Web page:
Tuesday, May 27, 2014
More from this month's guest blogger, Professor Jamie Abrams from the University of Louisville School of Law. Her scholarly interests include integrating masculinities theory in feminist law reforms such as military integration and domestic violence; examining the tort complexities governing standards of care in childbirth; gendered conceptualizations of citizenship; and legal education pedagogy.
The latest mass shooting in Isla Vista, California adds to a troublesome lineage of mass shootings by male shooters in the United States. The New York Times covers the issue of gendered violence at Campus Killings Set Off Anguished Conversation. The article highlights how the killings have “set off a raw, anguished conversation about the ways women are perceived sexually and the violence against them that has reverberated around the country.” The NYT coverage reveals how both feminism and masculinities are needed to address the gendered complexities of violence.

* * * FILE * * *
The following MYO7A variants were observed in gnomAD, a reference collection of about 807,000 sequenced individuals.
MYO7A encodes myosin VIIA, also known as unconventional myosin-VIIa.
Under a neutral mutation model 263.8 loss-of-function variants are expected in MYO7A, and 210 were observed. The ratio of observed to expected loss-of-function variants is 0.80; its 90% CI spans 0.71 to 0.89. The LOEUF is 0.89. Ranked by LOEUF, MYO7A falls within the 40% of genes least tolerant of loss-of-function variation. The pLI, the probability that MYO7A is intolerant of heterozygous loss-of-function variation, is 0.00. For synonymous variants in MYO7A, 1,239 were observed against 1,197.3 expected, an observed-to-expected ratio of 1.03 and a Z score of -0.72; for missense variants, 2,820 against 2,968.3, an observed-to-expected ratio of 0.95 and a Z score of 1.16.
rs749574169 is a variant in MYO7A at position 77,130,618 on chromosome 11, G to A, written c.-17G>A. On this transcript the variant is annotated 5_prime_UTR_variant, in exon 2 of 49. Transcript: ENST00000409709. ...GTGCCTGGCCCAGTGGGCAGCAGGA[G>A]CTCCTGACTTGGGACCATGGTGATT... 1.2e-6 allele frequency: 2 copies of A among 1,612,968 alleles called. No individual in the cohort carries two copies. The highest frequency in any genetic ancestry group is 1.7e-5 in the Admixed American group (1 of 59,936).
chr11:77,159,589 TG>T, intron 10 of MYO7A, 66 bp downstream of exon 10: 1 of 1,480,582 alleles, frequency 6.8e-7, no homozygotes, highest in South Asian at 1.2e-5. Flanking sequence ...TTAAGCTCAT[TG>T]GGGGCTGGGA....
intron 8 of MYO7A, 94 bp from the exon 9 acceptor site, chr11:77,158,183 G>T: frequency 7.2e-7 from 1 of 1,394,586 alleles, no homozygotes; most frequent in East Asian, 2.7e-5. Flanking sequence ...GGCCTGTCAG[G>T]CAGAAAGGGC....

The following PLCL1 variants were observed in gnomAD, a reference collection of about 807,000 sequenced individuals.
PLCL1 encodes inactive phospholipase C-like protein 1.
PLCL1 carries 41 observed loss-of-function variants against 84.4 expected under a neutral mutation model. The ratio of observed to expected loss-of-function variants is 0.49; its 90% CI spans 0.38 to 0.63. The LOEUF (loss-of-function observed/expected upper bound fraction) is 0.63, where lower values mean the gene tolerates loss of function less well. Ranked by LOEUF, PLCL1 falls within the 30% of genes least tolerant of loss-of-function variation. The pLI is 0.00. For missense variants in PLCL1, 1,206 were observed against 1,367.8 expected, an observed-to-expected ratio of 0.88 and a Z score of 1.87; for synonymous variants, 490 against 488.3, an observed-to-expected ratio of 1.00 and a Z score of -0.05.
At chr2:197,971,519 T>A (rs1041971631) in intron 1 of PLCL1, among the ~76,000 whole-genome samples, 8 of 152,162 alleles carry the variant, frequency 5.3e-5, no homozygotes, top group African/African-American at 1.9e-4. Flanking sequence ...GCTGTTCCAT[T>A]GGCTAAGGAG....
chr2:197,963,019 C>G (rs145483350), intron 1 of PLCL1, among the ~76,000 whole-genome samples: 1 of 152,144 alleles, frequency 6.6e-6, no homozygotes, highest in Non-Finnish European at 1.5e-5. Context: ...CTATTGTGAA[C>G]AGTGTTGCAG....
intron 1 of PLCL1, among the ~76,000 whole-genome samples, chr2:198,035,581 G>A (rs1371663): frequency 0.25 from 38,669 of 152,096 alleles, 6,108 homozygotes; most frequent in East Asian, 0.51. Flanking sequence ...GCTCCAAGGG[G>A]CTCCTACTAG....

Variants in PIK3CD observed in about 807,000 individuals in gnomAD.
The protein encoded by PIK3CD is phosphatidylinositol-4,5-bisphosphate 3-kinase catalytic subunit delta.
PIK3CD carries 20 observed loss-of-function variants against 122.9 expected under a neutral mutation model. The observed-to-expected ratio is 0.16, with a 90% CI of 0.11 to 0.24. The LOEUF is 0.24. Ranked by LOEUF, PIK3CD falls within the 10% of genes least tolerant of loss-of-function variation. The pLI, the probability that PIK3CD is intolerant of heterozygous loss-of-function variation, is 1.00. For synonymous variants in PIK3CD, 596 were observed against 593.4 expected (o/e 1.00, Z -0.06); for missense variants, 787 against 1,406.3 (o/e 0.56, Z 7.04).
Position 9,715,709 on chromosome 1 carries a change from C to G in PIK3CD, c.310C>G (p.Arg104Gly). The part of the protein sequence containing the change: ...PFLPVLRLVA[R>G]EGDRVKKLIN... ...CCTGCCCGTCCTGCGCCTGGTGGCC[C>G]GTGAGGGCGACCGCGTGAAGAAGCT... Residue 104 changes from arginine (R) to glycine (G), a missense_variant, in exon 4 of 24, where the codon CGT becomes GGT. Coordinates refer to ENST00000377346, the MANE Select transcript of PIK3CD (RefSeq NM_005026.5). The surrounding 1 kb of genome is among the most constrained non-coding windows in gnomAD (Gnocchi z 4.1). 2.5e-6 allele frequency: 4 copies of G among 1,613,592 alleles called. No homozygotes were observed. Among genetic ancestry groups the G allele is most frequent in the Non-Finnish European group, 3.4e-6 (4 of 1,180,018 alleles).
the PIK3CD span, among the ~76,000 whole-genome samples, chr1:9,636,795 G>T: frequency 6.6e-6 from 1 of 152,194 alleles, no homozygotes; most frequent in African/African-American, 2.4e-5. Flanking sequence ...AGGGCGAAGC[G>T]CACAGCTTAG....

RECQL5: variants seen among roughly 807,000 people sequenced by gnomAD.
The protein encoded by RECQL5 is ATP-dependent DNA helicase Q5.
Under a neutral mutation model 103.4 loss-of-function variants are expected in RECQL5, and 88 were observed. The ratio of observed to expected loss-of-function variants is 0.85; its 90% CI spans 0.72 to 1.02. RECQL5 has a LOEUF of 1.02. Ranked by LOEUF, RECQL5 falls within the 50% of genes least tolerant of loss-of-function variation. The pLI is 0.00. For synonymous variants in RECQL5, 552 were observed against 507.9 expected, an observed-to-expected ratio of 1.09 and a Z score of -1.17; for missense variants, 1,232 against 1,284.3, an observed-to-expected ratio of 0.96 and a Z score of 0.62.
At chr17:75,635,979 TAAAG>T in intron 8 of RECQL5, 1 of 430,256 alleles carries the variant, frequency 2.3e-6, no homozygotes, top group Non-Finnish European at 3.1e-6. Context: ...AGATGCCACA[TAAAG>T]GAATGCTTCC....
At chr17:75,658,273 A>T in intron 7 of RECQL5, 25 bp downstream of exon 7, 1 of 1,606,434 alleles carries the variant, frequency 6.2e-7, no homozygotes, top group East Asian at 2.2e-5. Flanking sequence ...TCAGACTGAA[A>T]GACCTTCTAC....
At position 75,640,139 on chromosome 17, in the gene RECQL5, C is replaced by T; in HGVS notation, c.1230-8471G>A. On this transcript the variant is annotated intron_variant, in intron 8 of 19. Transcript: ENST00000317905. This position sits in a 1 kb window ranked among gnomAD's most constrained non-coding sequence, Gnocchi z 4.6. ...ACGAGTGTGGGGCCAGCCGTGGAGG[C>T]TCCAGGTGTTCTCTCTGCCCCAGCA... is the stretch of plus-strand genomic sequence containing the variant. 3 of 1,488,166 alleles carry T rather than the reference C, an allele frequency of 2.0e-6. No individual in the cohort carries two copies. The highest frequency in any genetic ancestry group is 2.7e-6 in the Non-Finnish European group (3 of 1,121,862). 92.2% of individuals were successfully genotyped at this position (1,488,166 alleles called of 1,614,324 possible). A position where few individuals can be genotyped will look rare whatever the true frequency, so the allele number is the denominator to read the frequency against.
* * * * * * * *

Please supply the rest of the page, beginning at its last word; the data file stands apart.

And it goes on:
The Good Men Project reveals the masculinities underpinnings of mass shootings here. I have written about these issues in The Collateral Consequences of Masculinizing Violence, in which I considered the masculinity underpinnings of a similar mass shooting of women at a Pennsylvania fitness club by George Sodini in 2009 to raise questions about the masculinization of violence in legal frameworks. The pressures to conform to dominant masculinities can lead some men to hyper-masculine expressions of violence. Those hyper-masculine expressions can often follow a direct challenge to an individual’s dominant conception of masculinity, such as the loss of a job or rejection by women. Lisa Hickey of the Good Men Project, a project I was first introduced to by the Gender and the Law Blog last year, adds this additional lens of masculinities to the many other social frames to be considered in connection with mass shootings, such as access to mental health services, gun control, and violence against women.